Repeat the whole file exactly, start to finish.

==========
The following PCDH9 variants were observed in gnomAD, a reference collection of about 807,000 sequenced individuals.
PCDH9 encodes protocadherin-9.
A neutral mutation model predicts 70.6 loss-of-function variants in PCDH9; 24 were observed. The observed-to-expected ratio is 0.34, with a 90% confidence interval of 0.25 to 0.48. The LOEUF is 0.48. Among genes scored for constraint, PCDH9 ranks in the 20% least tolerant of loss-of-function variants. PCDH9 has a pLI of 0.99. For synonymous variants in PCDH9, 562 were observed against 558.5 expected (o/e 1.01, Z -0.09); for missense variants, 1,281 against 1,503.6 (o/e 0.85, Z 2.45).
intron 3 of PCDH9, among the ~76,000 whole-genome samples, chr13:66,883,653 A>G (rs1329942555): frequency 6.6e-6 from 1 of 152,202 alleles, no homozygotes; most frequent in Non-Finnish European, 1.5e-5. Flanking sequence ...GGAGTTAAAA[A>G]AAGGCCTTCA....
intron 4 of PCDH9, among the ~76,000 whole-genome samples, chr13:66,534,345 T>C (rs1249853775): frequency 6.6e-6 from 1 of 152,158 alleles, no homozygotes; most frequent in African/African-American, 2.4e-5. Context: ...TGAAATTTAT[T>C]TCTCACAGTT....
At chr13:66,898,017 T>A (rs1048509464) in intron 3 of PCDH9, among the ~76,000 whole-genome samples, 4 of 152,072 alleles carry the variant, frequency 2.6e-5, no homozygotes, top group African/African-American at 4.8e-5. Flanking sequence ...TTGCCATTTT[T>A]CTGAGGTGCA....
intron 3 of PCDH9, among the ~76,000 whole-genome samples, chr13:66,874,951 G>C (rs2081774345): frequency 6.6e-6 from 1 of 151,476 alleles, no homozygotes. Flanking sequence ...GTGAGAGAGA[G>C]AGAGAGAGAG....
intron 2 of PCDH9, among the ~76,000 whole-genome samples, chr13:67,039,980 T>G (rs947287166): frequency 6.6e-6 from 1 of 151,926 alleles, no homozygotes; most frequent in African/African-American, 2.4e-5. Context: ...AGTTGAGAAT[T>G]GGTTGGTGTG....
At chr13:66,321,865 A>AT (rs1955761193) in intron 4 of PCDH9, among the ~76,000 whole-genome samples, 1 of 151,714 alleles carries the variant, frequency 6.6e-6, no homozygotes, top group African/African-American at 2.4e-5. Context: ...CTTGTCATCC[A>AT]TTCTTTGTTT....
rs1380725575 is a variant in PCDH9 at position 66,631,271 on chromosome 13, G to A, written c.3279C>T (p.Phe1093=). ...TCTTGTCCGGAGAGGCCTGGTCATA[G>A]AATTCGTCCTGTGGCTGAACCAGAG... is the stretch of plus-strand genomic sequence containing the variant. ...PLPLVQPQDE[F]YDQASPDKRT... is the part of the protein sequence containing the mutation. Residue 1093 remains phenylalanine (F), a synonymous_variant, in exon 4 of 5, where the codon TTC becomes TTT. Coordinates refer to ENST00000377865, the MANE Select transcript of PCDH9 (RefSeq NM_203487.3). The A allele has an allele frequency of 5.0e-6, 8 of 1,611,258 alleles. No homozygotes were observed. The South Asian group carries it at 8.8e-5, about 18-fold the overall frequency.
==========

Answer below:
The following PCDH9 variants were observed in gnomAD, a reference collection of about 807,000 sequenced individuals.
PCDH9 encodes protocadherin-9.
A neutral mutation model predicts 70.6 loss-of-function variants in PCDH9; 24 were observed. The observed-to-expected ratio is 0.34, with a 90% confidence interval of 0.25 to 0.48. The LOEUF is 0.48. Among genes scored for constraint, PCDH9 ranks in the 20% least tolerant of loss-of-function variants. PCDH9 has a pLI of 0.99. For synonymous variants in PCDH9, 562 were observed against 558.5 expected (o/e 1.01, Z -0.09); for missense variants, 1,281 against 1,503.6 (o/e 0.85, Z 2.45).
intron 3 of PCDH9, among the ~76,000 whole-genome samples, chr13:66,883,653 A>G (rs1329942555): frequency 6.6e-6 from 1 of 152,202 alleles, no homozygotes; most frequent in Non-Finnish European, 1.5e-5. Flanking sequence ...GGAGTTAAAA[A>G]AAGGCCTTCA....
intron 4 of PCDH9, among the ~76,000 whole-genome samples, chr13:66,534,345 T>C (rs1249853775): frequency 6.6e-6 from 1 of 152,158 alleles, no homozygotes; most frequent in African/African-American, 2.4e-5. Context: ...TGAAATTTAT[T>C]TCTCACAGTT....
At chr13:66,898,017 T>A (rs1048509464) in intron 3 of PCDH9, among the ~76,000 whole-genome samples, 4 of 152,072 alleles carry the variant, frequency 2.6e-5, no homozygotes, top group African/African-American at 4.8e-5. Flanking sequence ...TTGCCATTTT[T>A]CTGAGGTGCA....
intron 3 of PCDH9, among the ~76,000 whole-genome samples, chr13:66,874,951 G>C (rs2081774345): frequency 6.6e-6 from 1 of 151,476 alleles, no homozygotes. Flanking sequence ...GTGAGAGAGA[G>C]AGAGAGAGAG....
intron 2 of PCDH9, among the ~76,000 whole-genome samples, chr13:67,039,980 T>G (rs947287166): frequency 6.6e-6 from 1 of 151,926 alleles, no homozygotes; most frequent in African/African-American, 2.4e-5. Context: ...AGTTGAGAAT[T>G]GGTTGGTGTG....
At chr13:66,321,865 A>AT (rs1955761193) in intron 4 of PCDH9, among the ~76,000 whole-genome samples, 1 of 151,714 alleles carries the variant, frequency 6.6e-6, no homozygotes, top group African/African-American at 2.4e-5. Context: ...CTTGTCATCC[A>AT]TTCTTTGTTT....
rs1380725575 is a variant in PCDH9 at position 66,631,271 on chromosome 13, G to A, written c.3279C>T (p.Phe1093=). ...TCTTGTCCGGAGAGGCCTGGTCATA[G>A]AATTCGTCCTGTGGCTGAACCAGAG... is the stretch of plus-strand genomic sequence containing the variant. ...PLPLVQPQDE[F]YDQASPDKRT... is the part of the protein sequence containing the mutation. Residue 1093 remains phenylalanine (F), a synonymous_variant, in exon 4 of 5, where the codon TTC becomes TTT. Coordinates refer to ENST00000377865, the MANE Select transcript of PCDH9 (RefSeq NM_203487.3). The A allele has an allele frequency of 5.0e-6, 8 of 1,611,258 alleles. No homozygotes were observed. The South Asian group carries it at 8.8e-5, about 18-fold the overall frequency.